October 26, 2017

Pearson Education has apologized for an outrageously offensive nursing textbook

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A page from Nursing. Via Facebook.

Imagine you’re in hospital. Perhaps from repetitive strain injury after reading too many excellent Melville House books.

If you’re Jewish, you “may be vocal and demand assistance.” If you’re black, you’ll “believe suffering and pain are inevitable.”

Insulted? These characterizations are taken straight out of Nursing: A Concept-Based Approach to Learning, Volume I, published by Pearson Education in the UK. They’re culled from a section titled “Focus on Diversity: Cultural Differences in Response to Pain,” which purports to list “cultural common differences related to pain.” For the BBC, Rozina Sini lists a few of those differences:

Arabs/Muslims

  • May not request pain medicine but instead thank Allah for pain if it is the result of the healing medical process.
  • Pain is considered a test of faith. Muslim clients must endure pain as a sign of faith in return for forgiveness and mercy.

Asians

  • Chinese clients may not ask for medication because they do not want to take the nurse away from a more important task.
  • Indians who follow Hindu practices believe that pain must be endured in preparation for a better life in the next cycle.

Blacks

  • Blacks often report higher pain intensity than other cultures.
  • They believe suffering and pain are inevitable.

Jews

  • Jews may be vocal and demand assistance.
  • They believe pain must be shared and validated by others.

Hispanics

  • Hispanics may believe that pain is a form of punishment and that suffering must be endured if they are to enter heaven.
  • They vary in their expression of pain. Some are stoic and some are expressive.

Native Americans

  • Native Americans may prefer to receive medications that have been blessed by a tribal shaman.
  • They may pick a sacred number when asked to rate pain on a numerical pain scale.

I’m a white Brit so presumably I’ll mumble an apology for making a nuisance of myself and ask for a nice cup of tea… but of course the section contains no advice on how to deal with white people.

After being shared by Lyndsay Morgan on Twitter and Onyx Moore on Facebook, the story gained traction and outraged comments came pouring in in the thousands, calling out the harmful stereotypes. “These assumptions are not evidence-based,” Moore wrote. “They encourage nurses to ignore what the patient is actually saying (if someone tells you their pain level is high you need to believe them), and they don’t actually teach nurses how to engage in a CULTURALLY SENSITIVE way.”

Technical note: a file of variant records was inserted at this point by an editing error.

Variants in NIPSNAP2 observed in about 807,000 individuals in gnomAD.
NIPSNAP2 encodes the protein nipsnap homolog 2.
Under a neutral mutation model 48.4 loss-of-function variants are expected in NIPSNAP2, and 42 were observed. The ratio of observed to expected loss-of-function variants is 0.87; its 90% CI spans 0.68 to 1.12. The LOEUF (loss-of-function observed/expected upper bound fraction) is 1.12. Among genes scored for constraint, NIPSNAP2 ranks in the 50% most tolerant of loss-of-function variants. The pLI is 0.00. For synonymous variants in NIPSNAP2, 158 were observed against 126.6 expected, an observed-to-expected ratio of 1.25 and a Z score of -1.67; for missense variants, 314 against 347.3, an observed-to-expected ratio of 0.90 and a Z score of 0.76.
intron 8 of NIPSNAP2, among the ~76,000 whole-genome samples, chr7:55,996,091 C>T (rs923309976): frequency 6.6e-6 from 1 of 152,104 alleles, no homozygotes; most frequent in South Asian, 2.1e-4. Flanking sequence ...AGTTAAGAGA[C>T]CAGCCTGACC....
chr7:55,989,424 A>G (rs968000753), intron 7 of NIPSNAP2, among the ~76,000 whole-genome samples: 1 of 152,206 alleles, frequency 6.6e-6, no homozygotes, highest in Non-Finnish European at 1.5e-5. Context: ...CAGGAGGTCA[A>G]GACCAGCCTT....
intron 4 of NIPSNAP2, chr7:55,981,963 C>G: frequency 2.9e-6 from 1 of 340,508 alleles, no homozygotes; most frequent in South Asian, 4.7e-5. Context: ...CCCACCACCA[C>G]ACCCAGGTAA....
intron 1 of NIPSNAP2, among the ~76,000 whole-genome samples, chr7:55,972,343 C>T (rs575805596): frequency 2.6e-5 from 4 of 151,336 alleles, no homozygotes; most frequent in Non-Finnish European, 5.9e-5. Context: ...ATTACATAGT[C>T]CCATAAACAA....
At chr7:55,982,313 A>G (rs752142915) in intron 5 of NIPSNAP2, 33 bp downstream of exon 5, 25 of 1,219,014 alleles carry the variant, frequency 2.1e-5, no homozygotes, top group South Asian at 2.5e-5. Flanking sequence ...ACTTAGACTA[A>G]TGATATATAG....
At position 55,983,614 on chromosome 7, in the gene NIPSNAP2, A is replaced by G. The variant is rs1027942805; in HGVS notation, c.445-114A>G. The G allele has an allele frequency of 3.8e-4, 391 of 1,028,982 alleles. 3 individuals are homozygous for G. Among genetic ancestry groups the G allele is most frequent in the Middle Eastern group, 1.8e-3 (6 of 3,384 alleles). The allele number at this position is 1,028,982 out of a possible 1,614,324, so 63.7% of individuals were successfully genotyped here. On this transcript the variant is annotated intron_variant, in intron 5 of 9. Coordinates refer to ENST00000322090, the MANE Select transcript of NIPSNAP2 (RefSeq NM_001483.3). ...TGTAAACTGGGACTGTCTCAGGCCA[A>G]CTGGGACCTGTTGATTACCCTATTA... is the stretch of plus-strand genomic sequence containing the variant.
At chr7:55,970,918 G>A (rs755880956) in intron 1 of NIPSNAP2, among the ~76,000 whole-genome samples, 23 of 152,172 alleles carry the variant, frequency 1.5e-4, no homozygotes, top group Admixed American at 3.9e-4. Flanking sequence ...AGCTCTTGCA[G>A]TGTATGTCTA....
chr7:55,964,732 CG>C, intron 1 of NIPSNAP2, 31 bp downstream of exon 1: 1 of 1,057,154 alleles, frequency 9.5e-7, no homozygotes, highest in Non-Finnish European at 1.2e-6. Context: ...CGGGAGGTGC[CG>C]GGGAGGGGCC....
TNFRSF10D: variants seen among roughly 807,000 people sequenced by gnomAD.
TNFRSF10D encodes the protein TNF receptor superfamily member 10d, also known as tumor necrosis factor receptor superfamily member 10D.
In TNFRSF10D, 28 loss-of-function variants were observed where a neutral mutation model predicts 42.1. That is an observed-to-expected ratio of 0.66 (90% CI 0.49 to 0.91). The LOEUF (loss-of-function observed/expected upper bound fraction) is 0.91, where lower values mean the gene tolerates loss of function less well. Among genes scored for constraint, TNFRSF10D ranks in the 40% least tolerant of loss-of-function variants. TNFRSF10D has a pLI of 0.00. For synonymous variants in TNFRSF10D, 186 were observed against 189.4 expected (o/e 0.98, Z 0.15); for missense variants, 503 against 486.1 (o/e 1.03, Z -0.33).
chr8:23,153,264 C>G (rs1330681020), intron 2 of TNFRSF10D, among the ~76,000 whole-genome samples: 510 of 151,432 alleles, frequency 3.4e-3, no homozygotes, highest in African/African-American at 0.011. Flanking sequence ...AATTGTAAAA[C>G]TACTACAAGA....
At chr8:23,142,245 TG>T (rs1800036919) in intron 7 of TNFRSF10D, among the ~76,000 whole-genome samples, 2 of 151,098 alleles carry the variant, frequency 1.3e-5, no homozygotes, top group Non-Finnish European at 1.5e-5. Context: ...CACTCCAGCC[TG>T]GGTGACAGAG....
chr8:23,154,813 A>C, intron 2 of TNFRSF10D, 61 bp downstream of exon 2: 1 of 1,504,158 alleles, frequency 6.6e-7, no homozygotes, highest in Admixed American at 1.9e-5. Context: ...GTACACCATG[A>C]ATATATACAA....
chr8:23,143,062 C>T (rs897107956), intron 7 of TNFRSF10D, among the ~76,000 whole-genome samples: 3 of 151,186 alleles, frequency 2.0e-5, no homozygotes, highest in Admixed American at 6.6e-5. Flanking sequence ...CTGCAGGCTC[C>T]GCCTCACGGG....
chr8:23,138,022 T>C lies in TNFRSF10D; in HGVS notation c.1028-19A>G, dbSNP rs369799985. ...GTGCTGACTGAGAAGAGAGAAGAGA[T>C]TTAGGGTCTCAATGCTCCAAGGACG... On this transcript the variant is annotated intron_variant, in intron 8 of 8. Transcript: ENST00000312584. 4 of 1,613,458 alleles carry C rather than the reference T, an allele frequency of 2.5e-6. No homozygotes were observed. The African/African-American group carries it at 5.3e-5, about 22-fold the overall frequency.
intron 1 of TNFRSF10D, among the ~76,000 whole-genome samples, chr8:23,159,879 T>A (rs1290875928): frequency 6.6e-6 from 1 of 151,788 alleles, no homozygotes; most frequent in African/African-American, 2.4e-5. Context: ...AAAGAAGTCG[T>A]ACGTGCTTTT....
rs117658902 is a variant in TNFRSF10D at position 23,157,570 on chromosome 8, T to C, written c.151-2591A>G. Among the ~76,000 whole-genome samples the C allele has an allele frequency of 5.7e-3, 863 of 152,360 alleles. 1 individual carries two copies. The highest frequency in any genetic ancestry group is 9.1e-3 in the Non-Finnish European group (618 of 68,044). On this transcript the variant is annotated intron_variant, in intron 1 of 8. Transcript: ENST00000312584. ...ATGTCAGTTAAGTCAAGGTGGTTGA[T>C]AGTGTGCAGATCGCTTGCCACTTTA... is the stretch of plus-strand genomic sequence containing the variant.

In a statement to Sini, the publisher responded:

While differences in cultural attitudes towards pain are an important topic in medical programs, we presented this information in an inappropriate manner.

We apologise for the offense this has caused and we have removed the material in question from current versions of the book, electronic versions of the book and future editions of this.

In addition, we now are actively reviewing all of our nursing curriculum products to identify and remove any remaining instances of this inappropriate content that might appear in other titles.

Tim Bozik, Pearson’s president of global product, also offered a statement on Youtube. “We reinforced a number of stereotypes about ethnic and religious groups,” Bozik says. “It was wrong.” He then indicates that e-book editions of the book have already been corrected, as will be all future print editions, promises an audit of all of Pearson’s nursing texts for similarly troubling material, and to “seek out external partners and experts” who can help improve the company’s “sensitivity and understanding of cultural diversity.”

The book was originally published in 2014, which means it has only taken three years for a book that presents shocking stereotypes as facts to come under scrutiny. It makes you wonder: How many other textbooks out there contain similar “advice” for health professionals?

 

 

Nikki Griffiths is the managing director of Melville House UK.

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